Charpy notched impact strength of the polymer blend was measured at 23 °C with a digital impact tester (Toyo Seiki) according to ISO 179-1. The test piece (80 mm length, 10 mm width, and 4.0 mm thickness) was prepared with an injection molding machine (Sodic, LP20EH3) at a cylinder temperature of 300 °C and a mold temperature of 130 °C. The test piece was notched by 2 mm according to ISO 2818.

Morphology of the polymer blend was observed with a scanning electron microscope (SEM) (Hitachi High-Technologies, S-4800). Prior to the SEM observation, a test piece molded according to ISO 3167-A was cooled in liquid nitrogen and was cryo-fractured by bending. The fracture surface was etched by xylene at 50 °C for 1.0 h in an ultrasonic bath to selectively dissolve the elastomer particles dispersed in the PPS matrix. The sample was then dried at 130 °C for 2.0 h and was coated with Pt–Pd using an ion sputter coater (Hitachi High-Technologies, E-1010) for the SEM observation. Typical SEM image is shown in Fig. 1c. Area of each void in the SEM image was measured using ImageJ software44 (version 1.53) to calculate the corresponding elastomer particle diameter. The elastomer particle diameter was averaged over more than 300 voids to determine the mean value.

Melt viscosity of the polymer blend was measured with a constant-force-type capillary rheometer (Shimadzu, CFT-500D). The sample was preheated at 300 °C for 6.0 min and then was extruded through a capillary (1 mm diameter and 10 mm length) at a pressure of 4.9 MPa. It is to be noted that the melt viscosity of polymer is a function of the shear rate, and thus should be compared at a constant shear rate for quantitative discussion. The melt viscosity change measured here at a constant pressure is an apparent one. We can estimate, however, the real viscosity change from the apparent one and can expect that the real viscosity change is qualitatively similar to the apparent one enough to discuss the increase or decrease in the molecular weight. The detail of the estimation is provided in Supporting Information.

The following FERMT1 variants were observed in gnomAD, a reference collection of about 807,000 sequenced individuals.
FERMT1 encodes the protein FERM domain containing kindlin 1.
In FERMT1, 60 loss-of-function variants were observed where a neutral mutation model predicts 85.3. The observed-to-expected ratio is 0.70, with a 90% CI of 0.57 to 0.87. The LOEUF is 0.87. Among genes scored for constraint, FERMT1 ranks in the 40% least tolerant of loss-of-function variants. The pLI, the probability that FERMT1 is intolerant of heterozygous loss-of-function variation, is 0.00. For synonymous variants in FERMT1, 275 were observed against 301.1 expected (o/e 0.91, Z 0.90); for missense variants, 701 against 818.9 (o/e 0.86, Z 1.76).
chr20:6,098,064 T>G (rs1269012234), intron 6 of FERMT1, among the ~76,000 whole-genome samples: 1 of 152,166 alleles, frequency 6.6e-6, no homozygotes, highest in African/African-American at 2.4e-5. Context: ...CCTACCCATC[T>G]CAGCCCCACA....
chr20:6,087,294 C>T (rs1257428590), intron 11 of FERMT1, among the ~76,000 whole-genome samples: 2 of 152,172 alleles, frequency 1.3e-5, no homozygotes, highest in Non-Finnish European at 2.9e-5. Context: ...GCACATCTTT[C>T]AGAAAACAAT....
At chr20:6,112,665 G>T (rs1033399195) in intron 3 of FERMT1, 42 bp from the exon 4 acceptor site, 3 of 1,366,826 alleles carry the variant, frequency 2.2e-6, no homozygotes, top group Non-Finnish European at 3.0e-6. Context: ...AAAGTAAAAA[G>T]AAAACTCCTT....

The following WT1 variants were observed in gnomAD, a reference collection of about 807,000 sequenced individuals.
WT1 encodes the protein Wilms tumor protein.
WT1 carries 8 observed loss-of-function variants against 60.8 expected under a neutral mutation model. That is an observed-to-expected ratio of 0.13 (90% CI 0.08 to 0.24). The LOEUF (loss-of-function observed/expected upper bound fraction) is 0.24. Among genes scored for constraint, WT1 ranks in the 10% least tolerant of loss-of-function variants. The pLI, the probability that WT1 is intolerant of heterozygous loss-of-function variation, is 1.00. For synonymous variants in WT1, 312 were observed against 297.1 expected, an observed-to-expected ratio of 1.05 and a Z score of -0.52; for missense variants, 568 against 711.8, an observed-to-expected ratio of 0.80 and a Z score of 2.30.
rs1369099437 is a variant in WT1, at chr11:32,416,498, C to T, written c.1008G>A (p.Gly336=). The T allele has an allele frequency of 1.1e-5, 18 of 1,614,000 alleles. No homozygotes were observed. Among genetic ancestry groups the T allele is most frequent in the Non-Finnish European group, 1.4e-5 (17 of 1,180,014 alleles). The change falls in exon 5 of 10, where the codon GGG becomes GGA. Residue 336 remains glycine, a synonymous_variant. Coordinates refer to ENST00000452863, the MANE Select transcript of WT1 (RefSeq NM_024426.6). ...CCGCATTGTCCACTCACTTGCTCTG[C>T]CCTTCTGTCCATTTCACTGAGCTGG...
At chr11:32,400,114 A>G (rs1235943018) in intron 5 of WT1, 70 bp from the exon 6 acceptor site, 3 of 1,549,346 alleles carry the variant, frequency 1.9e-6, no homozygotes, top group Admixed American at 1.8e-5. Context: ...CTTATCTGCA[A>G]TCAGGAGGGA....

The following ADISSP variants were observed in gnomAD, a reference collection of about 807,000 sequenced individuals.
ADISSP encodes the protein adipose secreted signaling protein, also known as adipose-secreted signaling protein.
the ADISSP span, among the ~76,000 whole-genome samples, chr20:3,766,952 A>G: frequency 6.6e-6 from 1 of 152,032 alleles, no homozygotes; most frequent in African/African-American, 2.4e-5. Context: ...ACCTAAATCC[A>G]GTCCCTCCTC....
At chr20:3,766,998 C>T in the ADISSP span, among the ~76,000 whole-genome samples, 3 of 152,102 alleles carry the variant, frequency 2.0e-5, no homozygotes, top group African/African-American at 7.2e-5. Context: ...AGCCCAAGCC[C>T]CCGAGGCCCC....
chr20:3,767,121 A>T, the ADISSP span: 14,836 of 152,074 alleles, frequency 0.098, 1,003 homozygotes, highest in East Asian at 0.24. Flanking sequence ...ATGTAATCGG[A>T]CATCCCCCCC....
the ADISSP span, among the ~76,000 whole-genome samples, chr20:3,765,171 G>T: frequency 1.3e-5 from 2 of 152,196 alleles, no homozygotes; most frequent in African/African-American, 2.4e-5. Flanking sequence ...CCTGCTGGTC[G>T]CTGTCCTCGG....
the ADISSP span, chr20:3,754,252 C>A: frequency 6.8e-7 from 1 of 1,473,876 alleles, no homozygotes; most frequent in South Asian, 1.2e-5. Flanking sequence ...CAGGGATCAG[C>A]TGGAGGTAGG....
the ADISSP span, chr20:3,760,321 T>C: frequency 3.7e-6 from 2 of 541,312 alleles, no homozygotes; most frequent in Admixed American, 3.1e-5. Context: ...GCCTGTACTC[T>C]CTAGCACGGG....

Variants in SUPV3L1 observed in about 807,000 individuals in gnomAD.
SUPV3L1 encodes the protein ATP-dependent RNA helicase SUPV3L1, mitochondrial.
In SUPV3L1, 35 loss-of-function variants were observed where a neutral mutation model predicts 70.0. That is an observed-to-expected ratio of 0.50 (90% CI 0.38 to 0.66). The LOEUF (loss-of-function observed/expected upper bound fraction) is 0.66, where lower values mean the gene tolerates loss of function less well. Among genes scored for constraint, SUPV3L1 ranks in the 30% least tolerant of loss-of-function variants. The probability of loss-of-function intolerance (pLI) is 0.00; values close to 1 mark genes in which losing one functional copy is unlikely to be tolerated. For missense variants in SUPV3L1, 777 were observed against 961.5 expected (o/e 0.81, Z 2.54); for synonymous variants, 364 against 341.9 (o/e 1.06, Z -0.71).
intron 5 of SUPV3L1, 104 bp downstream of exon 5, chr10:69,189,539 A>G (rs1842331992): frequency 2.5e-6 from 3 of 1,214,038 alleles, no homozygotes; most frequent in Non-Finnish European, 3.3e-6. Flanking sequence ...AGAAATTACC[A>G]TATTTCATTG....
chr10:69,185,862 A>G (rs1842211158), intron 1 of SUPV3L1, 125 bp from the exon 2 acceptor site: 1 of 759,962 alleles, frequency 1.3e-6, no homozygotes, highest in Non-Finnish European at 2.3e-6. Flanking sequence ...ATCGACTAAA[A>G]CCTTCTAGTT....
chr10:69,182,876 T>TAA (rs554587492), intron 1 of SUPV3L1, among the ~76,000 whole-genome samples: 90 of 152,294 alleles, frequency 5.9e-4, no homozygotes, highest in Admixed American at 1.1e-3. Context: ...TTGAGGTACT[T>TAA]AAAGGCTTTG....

Machine learning

Machine learning was performed using python software45 (version 3.7) with scikit-learn library46 (version 0.23.1). Random forest regression of the Charpy impact strength was carried out to evaluate the importance of the parameters listed in Table 2. No prior knowledge was employed for the regression. In addition, nonlinear support vector machine was used to regress the polymer temperature T1 as a function of the elastomer content and the screw rotation speed. The regression was done after standardization of the two descriptors using a radial basis function kernel with the following hyperparameters: the penalty parameter \(C\) = 1000 and the kernel coefficient \(\gamma \) = 0.05.

Table 2 List of the parameters and their ranges of variation.

Results and discussions

Charpy impact strength

Figure 2 describes how the impact strength of the polymer blend varied with the elastomer type, elastomer content, and screw rotation speed. Among the 130 experimental conditions, the Charpy impact strength ranged widely from 1.1 to 58.6 kJ m−2. In most conditions, the impact strength was lower than 20 kJ m−2. It should be noted, however, that the ‘failed’ results also played an essential role in the following machine learning. Changes in the other measured parameters are summarized in Supplementary Information S1.

Figure 2
figure 2

Charpy impact strength of the polymer blend as a function of the elastomer type, elastomer content, and screw rotation speed.